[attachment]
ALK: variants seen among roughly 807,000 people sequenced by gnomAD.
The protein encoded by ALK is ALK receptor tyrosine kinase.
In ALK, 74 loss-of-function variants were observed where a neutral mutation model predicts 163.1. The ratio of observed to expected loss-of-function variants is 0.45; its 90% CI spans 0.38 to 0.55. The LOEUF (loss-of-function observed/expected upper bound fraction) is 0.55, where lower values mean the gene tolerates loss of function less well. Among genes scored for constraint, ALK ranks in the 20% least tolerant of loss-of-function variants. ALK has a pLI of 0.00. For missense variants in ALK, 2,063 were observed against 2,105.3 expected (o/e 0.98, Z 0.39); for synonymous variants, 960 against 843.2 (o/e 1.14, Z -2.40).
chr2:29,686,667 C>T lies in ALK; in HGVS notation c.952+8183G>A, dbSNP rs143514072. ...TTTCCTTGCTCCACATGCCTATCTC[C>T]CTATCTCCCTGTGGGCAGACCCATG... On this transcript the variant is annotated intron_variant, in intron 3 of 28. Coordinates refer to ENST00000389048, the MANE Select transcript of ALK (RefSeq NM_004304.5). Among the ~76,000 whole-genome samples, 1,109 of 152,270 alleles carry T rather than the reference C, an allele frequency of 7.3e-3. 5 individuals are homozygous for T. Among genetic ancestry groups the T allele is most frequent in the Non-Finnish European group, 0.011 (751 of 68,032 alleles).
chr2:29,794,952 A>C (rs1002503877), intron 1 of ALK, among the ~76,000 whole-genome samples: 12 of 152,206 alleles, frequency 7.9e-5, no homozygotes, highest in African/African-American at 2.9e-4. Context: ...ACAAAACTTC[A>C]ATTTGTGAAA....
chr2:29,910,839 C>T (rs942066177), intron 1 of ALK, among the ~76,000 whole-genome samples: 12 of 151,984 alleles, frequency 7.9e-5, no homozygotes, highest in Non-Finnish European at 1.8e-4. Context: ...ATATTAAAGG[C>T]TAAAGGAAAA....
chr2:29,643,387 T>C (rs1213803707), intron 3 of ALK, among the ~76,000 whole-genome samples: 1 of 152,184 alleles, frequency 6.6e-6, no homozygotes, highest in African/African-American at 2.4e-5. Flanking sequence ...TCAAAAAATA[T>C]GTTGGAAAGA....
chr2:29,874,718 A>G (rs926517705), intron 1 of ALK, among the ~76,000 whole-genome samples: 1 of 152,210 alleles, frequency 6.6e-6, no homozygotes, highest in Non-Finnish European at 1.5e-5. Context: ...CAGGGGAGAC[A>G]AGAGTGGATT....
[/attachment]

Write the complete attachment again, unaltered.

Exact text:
ALK: variants seen among roughly 807,000 people sequenced by gnomAD.
The protein encoded by ALK is ALK receptor tyrosine kinase.
In ALK, 74 loss-of-function variants were observed where a neutral mutation model predicts 163.1. The ratio of observed to expected loss-of-function variants is 0.45; its 90% CI spans 0.38 to 0.55. The LOEUF (loss-of-function observed/expected upper bound fraction) is 0.55, where lower values mean the gene tolerates loss of function less well. Among genes scored for constraint, ALK ranks in the 20% least tolerant of loss-of-function variants. ALK has a pLI of 0.00. For missense variants in ALK, 2,063 were observed against 2,105.3 expected (o/e 0.98, Z 0.39); for synonymous variants, 960 against 843.2 (o/e 1.14, Z -2.40).
chr2:29,686,667 C>T lies in ALK; in HGVS notation c.952+8183G>A, dbSNP rs143514072. ...TTTCCTTGCTCCACATGCCTATCTC[C>T]CTATCTCCCTGTGGGCAGACCCATG... On this transcript the variant is annotated intron_variant, in intron 3 of 28. Coordinates refer to ENST00000389048, the MANE Select transcript of ALK (RefSeq NM_004304.5). Among the ~76,000 whole-genome samples, 1,109 of 152,270 alleles carry T rather than the reference C, an allele frequency of 7.3e-3. 5 individuals are homozygous for T. Among genetic ancestry groups the T allele is most frequent in the Non-Finnish European group, 0.011 (751 of 68,032 alleles).
chr2:29,794,952 A>C (rs1002503877), intron 1 of ALK, among the ~76,000 whole-genome samples: 12 of 152,206 alleles, frequency 7.9e-5, no homozygotes, highest in African/African-American at 2.9e-4. Context: ...ACAAAACTTC[A>C]ATTTGTGAAA....
chr2:29,910,839 C>T (rs942066177), intron 1 of ALK, among the ~76,000 whole-genome samples: 12 of 151,984 alleles, frequency 7.9e-5, no homozygotes, highest in Non-Finnish European at 1.8e-4. Context: ...ATATTAAAGG[C>T]TAAAGGAAAA....
chr2:29,643,387 T>C (rs1213803707), intron 3 of ALK, among the ~76,000 whole-genome samples: 1 of 152,184 alleles, frequency 6.6e-6, no homozygotes, highest in African/African-American at 2.4e-5. Flanking sequence ...TCAAAAAATA[T>C]GTTGGAAAGA....
chr2:29,874,718 A>G (rs926517705), intron 1 of ALK, among the ~76,000 whole-genome samples: 1 of 152,210 alleles, frequency 6.6e-6, no homozygotes, highest in Non-Finnish European at 1.5e-5. Context: ...CAGGGGAGAC[A>G]AGAGTGGATT....